And well, that’s an understatement. I watch a lot of pro wrestling. From the WWE you’ve heard of to the radically different upstart Lucha Underground, I watch a ton of pro wrestling each and every week. I like it so much that I listen to podcasts about it, some are hosted by ex wrestlers and others are hosted by experts. I’ll even stay up very late or wake up equally early to watch an even that’s live in Japan.
At this point in my explanation, I have a feeling that I know what some of you are thinking. “How do you watch this carny stuff? You worked at the damn Metropolitan Museum of Art!” Some of you may even want to comment “you know it’s fake, right?” Well, I don’t come to your house and slap the remote out of your hand during The Bachelor, do I?
But as for why I watch wrestling? In short, it’s because pro wrestling is no one simple thing, and it’s endlessly complex. Sure, it’s a predetermined and somewhat choreographed performance that imitates bloodsport, but when done right it’s a drama that connects with decades of backstories. Pro wrestling also includes slapstick comedy, as evidenced by any WWE programming recorded during a federal holiday.
But yes, the combat element in pro wrestling; let’s talk about that. I’m not a big MMA fan, but when I watched last weekend’s UFC 200, I gained insight as to why I prefer pro wrestling. When two athletes square off and attempt to do actual harm to each other, the results are often boring, such as the moments where Daniel Cormier basically suffocated Anderson Silva by lying down on the man, in order to win. There is a story that can be told through the match, but in pro wrestling, the match exists in service of a narrative.
Also, pro wrestling isn’t really imitating real fights matches, in fact, the closest thing to pro wrestling is Street Fighter. You know, the video game. WWE wrestlers land strike after strike and move after move at a clip that would actually kill a man, but of course many of those attacks don’t land in the way they are meant to. Hell, in a scene out of Street Fighter II, modern day viking Brock Lesnar once attacked a damn car, and won.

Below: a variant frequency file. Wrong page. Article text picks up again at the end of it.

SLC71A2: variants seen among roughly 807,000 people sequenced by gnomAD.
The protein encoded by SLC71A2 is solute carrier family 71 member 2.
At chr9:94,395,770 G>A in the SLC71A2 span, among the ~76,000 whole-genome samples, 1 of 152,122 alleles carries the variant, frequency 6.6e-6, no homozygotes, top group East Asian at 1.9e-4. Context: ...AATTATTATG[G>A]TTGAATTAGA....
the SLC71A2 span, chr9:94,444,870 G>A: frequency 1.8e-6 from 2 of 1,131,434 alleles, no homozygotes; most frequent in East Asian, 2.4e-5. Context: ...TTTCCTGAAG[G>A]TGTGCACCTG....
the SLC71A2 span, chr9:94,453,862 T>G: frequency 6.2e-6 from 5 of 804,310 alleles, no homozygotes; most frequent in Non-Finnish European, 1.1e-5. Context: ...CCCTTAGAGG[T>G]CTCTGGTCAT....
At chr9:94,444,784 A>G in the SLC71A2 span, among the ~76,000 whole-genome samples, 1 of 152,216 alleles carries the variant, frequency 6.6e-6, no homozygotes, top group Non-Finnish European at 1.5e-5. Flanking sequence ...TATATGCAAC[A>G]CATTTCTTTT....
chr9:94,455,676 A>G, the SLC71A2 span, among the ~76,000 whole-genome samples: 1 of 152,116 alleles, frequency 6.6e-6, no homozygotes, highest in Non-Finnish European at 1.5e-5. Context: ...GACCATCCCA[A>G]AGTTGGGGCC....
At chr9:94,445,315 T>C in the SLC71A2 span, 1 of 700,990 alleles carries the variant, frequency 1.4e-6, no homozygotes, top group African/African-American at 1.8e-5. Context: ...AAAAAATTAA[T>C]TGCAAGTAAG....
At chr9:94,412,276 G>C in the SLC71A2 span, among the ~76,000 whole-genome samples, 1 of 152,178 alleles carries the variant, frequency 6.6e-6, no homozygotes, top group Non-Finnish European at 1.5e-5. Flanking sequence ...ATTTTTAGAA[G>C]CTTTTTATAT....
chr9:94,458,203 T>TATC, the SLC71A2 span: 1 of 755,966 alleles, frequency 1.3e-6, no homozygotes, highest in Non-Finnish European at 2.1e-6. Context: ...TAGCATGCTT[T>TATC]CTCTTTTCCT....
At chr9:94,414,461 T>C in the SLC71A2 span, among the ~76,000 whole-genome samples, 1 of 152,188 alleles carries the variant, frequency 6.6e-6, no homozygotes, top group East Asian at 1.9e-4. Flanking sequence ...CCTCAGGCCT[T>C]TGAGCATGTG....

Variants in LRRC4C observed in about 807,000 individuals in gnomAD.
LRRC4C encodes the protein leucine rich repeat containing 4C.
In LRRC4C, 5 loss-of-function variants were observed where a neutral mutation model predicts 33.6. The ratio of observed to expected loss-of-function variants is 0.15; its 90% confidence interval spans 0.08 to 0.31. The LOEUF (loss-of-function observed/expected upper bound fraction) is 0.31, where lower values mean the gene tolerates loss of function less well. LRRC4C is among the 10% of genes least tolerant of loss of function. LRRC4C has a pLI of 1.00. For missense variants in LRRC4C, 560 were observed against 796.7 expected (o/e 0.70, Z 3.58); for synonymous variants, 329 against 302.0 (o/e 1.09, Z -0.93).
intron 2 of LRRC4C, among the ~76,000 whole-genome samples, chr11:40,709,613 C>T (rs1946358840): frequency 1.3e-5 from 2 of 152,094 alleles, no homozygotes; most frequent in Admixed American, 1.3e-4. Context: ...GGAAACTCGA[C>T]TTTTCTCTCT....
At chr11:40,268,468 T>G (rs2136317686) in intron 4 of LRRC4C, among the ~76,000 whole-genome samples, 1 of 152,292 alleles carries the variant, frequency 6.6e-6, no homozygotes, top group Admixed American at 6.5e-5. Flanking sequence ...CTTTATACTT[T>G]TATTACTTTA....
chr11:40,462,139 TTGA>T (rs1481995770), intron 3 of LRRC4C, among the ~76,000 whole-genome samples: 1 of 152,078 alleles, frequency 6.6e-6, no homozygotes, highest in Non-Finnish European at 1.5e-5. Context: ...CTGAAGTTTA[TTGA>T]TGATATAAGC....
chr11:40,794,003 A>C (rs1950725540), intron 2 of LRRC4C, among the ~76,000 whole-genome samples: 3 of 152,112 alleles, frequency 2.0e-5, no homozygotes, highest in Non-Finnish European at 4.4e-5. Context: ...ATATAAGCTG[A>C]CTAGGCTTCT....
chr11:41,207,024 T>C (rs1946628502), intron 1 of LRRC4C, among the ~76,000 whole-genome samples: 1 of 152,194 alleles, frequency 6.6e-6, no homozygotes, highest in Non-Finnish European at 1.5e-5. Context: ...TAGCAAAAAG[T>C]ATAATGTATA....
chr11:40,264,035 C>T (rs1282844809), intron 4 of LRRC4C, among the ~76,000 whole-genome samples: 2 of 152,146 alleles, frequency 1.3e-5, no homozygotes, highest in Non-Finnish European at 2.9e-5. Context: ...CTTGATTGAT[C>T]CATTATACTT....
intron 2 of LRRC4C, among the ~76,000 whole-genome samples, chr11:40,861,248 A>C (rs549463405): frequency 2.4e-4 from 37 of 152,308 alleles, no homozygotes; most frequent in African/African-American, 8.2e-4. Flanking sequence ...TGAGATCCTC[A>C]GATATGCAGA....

It’s all a performance, and for the most part, performers don’t want to hurt each others. Punches are pulled and kicks narrowly miss. Heads roll on top on the ring instead of getting slammed against it. Once you acknowledge the false hits, pro wrestling becomes a lot less savage and a lot more watchable. Rare occasions allow for wrestlers who actually have problems with each other in rare life to have a match together, but that’s maybe 0.5 percent of all wrestling.
Oh, and there’s no off season (with the exception of Lucha Underground). There’s a good argument for wrestlers taking forced time off, but for now it’s there each and every week. There’s always something intriguing, even if there’s a ton of filler.
And oddly enough, one commonality in most wrestling fans is that we all took a break from it, and many came back. I started watching so I would understand what high school peers were talking about during WWE’s highly popular run in the late 90’s, and then came back one night in 2011 (see the next post for more about that).
But this all comes up because these days I watch as much wrestling as addicts of any sport do, and this Friday, I will talk about the current WWE product on The Ring Post, a new podcast on The Incomparable network. And so to explain why I watch and encourage you to listen, here are the stories about how and why I got addicted to pro wrestling.